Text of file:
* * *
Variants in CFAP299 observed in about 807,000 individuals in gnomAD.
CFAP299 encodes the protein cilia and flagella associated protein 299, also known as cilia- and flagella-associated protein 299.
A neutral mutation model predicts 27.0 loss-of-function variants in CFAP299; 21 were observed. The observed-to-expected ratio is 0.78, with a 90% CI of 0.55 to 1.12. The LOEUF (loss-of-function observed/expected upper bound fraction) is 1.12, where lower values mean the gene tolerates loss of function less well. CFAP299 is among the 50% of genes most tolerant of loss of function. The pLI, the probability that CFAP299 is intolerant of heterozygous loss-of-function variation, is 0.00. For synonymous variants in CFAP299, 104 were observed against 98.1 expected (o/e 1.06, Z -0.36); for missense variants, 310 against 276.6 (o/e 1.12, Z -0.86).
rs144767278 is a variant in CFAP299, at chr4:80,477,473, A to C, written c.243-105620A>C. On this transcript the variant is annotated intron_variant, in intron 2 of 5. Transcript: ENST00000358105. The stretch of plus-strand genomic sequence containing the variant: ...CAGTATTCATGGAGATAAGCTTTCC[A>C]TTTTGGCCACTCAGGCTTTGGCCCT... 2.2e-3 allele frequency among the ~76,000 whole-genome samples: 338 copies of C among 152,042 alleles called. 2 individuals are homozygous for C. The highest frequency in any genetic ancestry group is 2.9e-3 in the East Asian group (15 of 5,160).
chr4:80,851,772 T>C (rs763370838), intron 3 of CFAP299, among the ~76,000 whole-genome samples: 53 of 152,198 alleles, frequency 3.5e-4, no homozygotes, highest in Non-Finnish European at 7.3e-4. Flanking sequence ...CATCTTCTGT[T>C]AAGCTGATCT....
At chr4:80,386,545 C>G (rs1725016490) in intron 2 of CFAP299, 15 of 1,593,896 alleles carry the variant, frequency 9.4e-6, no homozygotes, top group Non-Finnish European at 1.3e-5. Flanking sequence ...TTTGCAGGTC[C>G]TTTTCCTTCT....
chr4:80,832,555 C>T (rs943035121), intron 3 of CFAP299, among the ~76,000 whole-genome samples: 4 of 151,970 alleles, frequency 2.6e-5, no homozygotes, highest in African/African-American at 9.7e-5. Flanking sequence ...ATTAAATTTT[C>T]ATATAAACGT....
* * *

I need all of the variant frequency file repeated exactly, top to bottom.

Variants in CFAP299 observed in about 807,000 individuals in gnomAD.
CFAP299 encodes the protein cilia and flagella associated protein 299, also known as cilia- and flagella-associated protein 299.
A neutral mutation model predicts 27.0 loss-of-function variants in CFAP299; 21 were observed. The observed-to-expected ratio is 0.78, with a 90% CI of 0.55 to 1.12. The LOEUF (loss-of-function observed/expected upper bound fraction) is 1.12, where lower values mean the gene tolerates loss of function less well. CFAP299 is among the 50% of genes most tolerant of loss of function. The pLI, the probability that CFAP299 is intolerant of heterozygous loss-of-function variation, is 0.00. For synonymous variants in CFAP299, 104 were observed against 98.1 expected (o/e 1.06, Z -0.36); for missense variants, 310 against 276.6 (o/e 1.12, Z -0.86).
rs144767278 is a variant in CFAP299, at chr4:80,477,473, A to C, written c.243-105620A>C. On this transcript the variant is annotated intron_variant, in intron 2 of 5. Transcript: ENST00000358105. The stretch of plus-strand genomic sequence containing the variant: ...CAGTATTCATGGAGATAAGCTTTCC[A>C]TTTTGGCCACTCAGGCTTTGGCCCT... 2.2e-3 allele frequency among the ~76,000 whole-genome samples: 338 copies of C among 152,042 alleles called. 2 individuals are homozygous for C. The highest frequency in any genetic ancestry group is 2.9e-3 in the East Asian group (15 of 5,160).
chr4:80,851,772 T>C (rs763370838), intron 3 of CFAP299, among the ~76,000 whole-genome samples: 53 of 152,198 alleles, frequency 3.5e-4, no homozygotes, highest in Non-Finnish European at 7.3e-4. Flanking sequence ...CATCTTCTGT[T>C]AAGCTGATCT....
At chr4:80,386,545 C>G (rs1725016490) in intron 2 of CFAP299, 15 of 1,593,896 alleles carry the variant, frequency 9.4e-6, no homozygotes, top group Non-Finnish European at 1.3e-5. Flanking sequence ...TTTGCAGGTC[C>G]TTTTCCTTCT....
chr4:80,832,555 C>T (rs943035121), intron 3 of CFAP299, among the ~76,000 whole-genome samples: 4 of 151,970 alleles, frequency 2.6e-5, no homozygotes, highest in African/African-American at 9.7e-5. Flanking sequence ...ATTAAATTTT[C>T]ATATAAACGT....